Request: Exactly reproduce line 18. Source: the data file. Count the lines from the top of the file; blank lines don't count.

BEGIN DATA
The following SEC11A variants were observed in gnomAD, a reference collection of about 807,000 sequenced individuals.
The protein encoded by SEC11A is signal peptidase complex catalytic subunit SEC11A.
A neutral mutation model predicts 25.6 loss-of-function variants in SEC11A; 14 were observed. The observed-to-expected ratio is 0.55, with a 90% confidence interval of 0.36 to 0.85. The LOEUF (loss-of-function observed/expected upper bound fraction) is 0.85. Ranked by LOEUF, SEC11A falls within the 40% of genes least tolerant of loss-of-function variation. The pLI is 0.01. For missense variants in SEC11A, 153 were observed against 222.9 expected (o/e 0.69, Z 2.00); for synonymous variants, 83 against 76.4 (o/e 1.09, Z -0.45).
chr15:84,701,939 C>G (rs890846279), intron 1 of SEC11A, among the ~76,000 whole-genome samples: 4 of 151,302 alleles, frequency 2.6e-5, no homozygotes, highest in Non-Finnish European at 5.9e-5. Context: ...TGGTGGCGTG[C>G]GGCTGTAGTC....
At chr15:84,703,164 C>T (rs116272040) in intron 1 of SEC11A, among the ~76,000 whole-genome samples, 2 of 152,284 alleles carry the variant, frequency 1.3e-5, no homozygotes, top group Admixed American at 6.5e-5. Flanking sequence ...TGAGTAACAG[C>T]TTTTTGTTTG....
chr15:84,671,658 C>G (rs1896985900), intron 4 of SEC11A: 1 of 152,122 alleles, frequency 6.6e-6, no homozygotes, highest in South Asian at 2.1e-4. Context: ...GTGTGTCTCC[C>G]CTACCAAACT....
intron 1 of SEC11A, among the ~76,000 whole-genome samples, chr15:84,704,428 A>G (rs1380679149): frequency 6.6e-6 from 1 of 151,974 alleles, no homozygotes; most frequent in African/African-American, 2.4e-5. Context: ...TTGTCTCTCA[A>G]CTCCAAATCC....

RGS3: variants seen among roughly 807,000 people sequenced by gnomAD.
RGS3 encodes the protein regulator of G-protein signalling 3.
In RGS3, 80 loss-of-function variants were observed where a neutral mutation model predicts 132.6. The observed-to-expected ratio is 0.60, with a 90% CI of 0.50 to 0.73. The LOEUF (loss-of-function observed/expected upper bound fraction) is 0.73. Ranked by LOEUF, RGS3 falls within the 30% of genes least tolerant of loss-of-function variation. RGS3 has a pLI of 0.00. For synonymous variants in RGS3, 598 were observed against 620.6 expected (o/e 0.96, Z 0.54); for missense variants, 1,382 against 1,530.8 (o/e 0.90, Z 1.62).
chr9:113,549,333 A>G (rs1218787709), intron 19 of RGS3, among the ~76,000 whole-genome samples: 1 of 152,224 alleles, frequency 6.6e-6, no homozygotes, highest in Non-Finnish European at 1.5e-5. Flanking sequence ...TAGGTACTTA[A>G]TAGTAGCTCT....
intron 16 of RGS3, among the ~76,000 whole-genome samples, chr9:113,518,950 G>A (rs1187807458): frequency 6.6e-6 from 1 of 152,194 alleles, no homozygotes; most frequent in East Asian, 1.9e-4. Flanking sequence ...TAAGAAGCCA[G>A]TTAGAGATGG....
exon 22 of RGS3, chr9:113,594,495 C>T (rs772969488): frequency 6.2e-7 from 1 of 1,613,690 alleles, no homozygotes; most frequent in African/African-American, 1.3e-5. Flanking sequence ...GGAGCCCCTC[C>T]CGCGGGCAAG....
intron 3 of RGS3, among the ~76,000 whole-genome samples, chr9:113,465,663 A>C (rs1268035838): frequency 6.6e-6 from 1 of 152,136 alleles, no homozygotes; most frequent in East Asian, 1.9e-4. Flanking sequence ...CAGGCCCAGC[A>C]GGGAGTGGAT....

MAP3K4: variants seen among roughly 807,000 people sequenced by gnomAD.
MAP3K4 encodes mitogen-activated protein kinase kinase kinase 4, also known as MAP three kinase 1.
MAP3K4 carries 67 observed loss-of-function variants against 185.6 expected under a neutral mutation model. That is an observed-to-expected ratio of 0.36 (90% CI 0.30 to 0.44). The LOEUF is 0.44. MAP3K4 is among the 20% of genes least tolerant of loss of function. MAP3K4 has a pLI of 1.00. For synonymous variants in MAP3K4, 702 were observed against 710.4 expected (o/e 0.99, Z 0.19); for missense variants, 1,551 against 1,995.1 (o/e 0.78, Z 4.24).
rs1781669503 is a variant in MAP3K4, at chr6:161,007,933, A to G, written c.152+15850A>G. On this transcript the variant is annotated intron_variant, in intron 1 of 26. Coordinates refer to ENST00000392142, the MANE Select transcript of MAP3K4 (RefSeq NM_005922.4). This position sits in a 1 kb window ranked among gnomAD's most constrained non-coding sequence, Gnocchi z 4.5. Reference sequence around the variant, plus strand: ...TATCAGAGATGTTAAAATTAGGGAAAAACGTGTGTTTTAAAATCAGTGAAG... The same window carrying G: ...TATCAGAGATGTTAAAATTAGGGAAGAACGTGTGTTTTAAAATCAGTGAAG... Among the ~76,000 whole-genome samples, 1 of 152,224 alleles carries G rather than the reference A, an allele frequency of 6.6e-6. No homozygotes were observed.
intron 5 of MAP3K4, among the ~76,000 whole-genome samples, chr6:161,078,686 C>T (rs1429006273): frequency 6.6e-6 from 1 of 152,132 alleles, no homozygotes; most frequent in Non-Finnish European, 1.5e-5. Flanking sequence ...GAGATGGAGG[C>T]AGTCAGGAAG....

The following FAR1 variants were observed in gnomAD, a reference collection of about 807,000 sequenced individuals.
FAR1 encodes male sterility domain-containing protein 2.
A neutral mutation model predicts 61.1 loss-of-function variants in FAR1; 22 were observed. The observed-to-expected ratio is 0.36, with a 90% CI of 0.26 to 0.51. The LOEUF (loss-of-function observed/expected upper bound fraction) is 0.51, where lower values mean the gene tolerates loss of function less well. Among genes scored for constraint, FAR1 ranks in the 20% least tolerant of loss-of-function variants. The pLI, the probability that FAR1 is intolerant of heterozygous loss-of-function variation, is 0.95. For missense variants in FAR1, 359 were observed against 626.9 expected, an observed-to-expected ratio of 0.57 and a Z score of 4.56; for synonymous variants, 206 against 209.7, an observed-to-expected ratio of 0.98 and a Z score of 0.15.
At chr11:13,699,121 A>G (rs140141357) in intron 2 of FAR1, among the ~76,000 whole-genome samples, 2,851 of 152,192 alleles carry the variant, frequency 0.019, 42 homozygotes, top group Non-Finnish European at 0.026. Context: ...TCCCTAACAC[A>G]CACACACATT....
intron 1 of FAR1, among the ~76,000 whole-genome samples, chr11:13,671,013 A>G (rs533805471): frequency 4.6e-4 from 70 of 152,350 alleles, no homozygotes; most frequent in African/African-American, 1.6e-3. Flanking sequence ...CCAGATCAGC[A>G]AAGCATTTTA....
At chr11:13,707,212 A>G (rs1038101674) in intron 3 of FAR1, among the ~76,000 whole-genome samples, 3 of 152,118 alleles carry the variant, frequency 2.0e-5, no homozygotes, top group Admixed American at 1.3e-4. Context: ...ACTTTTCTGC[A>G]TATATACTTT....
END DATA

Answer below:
rs1781669503 is a variant in MAP3K4, at chr6:161,007,933, A to G, written c.152+15850A>G. On this transcript the variant is annotated intron_variant, in intron 1 of 26. Coordinates refer to ENST00000392142, the MANE Select transcript of MAP3K4 (RefSeq NM_005922.4). This position sits in a 1 kb window ranked among gnomAD's most constrained non-coding sequence, Gnocchi z 4.5. Reference sequence around the variant, plus strand: ...TATCAGAGATGTTAAAATTAGGGAAAAACGTGTGTTTTAAAATCAGTGAAG... The same window carrying G: ...TATCAGAGATGTTAAAATTAGGGAAGAACGTGTGTTTTAAAATCAGTGAAG... Among the ~76,000 whole-genome samples, 1 of 152,224 alleles carries G rather than the reference A, an allele frequency of 6.6e-6. No homozygotes were observed.